We now offer the various beads as our beeswax chips can be purchased by clicking here.
Au Natural Deodorant Recipe
You don't need a container to make deodorant. We make bars that operate as an all natural deodorant without having to find the tubes. If you recall the deodorant "crystal" you will remember that it did not need a tube. So, we make our deodorant in soap molds, sprinkling a little real lavender in the bottom of the mold for aesthetic appeal. We truly believe Aluminum and other items in commercial antiperspirants and deodorants do become absorbed into the skin and do cause breast cancer. We also feel aluminum is a big factor in Alzheimer's since very high amounts of aluminum are found in the brains of Alzheimer patients. Therefore we cook with only stainless steel or iron, beyond being careful what goes onto our bodies. This recipe makes two 4 ounce bars. We made this recipe flexible for you to be able to incorporate what essentials oils you do have handy. If you must have color, we recommend you swirl a tad of old lipstick into the hot oil with a tooth pick. We found a green lip stick which works well for us.
6 ounces carrier oil of choice
(Safflower, Soy, Sweet Almond, etc.)
3 Teaspoons of Baking Soda and 3 Teaspoons of Arrowroot Powder (Arrowroot is optional)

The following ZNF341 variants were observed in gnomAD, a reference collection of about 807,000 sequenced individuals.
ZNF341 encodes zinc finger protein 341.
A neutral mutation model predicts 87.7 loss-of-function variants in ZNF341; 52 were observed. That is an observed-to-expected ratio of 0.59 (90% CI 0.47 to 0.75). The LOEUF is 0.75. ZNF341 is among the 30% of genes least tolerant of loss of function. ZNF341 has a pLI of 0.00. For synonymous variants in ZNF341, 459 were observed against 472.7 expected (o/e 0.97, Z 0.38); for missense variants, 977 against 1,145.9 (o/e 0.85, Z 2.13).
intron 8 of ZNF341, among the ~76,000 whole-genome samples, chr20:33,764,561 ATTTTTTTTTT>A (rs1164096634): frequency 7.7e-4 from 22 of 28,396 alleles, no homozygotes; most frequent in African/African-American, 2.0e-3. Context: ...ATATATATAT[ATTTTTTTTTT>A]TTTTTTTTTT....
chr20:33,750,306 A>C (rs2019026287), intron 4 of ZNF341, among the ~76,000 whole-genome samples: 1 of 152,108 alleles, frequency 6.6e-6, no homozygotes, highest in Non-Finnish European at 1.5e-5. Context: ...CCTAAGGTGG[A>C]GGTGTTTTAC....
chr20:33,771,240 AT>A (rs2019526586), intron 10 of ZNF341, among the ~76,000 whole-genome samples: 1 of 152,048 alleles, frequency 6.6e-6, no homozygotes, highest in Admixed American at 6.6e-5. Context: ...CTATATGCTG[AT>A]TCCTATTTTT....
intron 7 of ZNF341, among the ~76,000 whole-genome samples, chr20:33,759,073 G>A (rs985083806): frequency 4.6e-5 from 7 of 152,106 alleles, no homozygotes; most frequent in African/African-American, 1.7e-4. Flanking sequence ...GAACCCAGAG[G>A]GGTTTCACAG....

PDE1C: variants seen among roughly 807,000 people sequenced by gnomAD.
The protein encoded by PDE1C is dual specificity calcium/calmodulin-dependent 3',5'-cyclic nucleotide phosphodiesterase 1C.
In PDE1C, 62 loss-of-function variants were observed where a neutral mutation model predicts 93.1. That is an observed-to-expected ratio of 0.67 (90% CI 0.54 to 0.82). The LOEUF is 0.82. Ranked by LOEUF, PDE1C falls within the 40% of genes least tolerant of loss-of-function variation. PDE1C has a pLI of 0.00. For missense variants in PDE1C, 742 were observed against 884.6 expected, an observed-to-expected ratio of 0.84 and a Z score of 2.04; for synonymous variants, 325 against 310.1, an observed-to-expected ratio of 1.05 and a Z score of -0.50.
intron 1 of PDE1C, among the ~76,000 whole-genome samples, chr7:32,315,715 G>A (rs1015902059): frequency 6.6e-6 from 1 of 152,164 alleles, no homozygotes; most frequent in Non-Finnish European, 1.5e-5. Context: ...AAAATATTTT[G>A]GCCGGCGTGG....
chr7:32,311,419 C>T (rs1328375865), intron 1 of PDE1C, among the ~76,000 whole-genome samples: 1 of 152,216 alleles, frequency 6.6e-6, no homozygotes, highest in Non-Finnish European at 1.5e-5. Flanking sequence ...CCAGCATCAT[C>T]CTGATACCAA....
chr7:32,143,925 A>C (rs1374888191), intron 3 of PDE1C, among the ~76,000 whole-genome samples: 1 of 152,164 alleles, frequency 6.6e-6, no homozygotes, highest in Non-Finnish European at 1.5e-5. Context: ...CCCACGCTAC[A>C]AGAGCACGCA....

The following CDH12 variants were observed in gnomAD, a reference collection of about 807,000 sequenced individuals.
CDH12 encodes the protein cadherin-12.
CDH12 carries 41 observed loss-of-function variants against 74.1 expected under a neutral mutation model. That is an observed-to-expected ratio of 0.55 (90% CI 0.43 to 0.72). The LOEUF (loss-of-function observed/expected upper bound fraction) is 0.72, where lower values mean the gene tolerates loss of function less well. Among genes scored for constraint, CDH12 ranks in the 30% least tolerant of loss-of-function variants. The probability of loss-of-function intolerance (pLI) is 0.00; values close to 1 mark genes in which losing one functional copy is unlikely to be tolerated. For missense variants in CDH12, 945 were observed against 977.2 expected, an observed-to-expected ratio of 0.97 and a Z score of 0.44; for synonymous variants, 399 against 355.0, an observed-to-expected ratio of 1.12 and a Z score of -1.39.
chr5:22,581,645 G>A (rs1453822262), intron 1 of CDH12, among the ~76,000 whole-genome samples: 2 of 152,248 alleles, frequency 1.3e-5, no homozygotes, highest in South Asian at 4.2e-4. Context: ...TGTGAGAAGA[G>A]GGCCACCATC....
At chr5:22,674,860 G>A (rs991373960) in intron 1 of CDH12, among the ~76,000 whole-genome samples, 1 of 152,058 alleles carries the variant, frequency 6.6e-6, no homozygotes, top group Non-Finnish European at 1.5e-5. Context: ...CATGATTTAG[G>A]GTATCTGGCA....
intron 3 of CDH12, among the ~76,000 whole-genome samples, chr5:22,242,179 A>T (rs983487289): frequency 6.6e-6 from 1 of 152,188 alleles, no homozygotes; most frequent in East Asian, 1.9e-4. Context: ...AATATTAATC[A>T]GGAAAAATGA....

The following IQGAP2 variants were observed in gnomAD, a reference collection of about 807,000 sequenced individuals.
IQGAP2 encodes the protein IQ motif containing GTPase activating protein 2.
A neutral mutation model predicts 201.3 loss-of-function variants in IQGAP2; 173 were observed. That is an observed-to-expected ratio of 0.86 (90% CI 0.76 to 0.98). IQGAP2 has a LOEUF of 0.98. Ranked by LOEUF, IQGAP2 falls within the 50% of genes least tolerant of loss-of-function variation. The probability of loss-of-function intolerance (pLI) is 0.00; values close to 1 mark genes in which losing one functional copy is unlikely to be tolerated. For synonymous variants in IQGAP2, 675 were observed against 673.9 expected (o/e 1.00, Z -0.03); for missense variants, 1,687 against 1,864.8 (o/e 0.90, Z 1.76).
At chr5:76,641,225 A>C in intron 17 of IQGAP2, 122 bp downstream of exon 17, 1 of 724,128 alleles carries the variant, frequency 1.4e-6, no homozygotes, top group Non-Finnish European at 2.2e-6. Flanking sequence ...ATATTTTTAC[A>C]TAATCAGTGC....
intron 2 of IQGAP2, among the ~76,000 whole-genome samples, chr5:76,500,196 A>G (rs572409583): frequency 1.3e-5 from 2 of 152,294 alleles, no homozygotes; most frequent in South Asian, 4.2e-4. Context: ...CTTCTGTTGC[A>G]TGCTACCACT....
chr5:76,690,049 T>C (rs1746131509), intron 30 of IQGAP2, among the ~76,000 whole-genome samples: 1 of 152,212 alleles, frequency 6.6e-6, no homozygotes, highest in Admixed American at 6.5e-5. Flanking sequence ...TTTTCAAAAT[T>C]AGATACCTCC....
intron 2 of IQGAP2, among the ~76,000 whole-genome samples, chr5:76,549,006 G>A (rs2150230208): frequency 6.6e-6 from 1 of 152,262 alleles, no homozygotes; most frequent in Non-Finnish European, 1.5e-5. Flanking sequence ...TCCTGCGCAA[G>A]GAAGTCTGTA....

Melt the oils above TOGETHER in a glass measuring cup designed to take heat, such as Anchor Hocking. (To make clean up easier, we wipe the cup with a paper towel while still warm.) When the oils have just melted, take them out of the microwave with a heavy kitchen mitt as not to burn yourself. Have your molds and essential oils and Oleoresin ready. Mix essential oils with the Dendritic salt, then dissolve into the warm oil mixture. After that stir in the Rosemary Oleoresin and then the Arrow Root and Baking Soda. Stir well and pour into molds. We use a long bamboo stick (meant for grilling) to swirl it in.
*One pipette seems to extract one tenth of an ounce of essential oil. We recommend three 1/10 ounces of:
Clary Sage, Lavender, Tea Tree, and/or Geranium for this recipe. When everything is stirred well and dissolved, pour into the molds. Do not pour too hot as you do not want to warp your molds.
The Power of a Mason Jar: 52 Uses
If I had to find a container to put myself in, it would not be a bottle, like "I Dream of Jeanie" had. It would most definitely be a mason jar. Why? Mason jars are the most easily obtainable and affordable containers there are. They are also very easy to recycle, and widely accepted as a gift packaging. Best of all, you can see through them! Here at Mabel they help keep us flat out organized. Mason jars come in all shapes and sizes. Just about everything we store is in a mason jar. Beyond their obvious use, canning, mason jars can be used in the following ways:
Just Call me Rosemary: Oleoresin by Leane Ketcherside
Rosemary Oleoresin Extract (ROE)
Here is a lesson I learned the hard
way: A product will only last as long as the least stable ingredient used to make the
hectic and I wanted to pamper myself—to feel like Cleopatra—soft,
relaxed and beautiful. Unlike Cleo, I didn’t have all the gold in Egypt,
nor did I have the money to pack myself off to a day spa, so I did the only
thing I knew how; I made my own spa. I made luxury Bath Bombs, body oil and
matching candles, and I used Bulgarian Rose and Jasmine Essential Oils
because, hey, I’m worth it!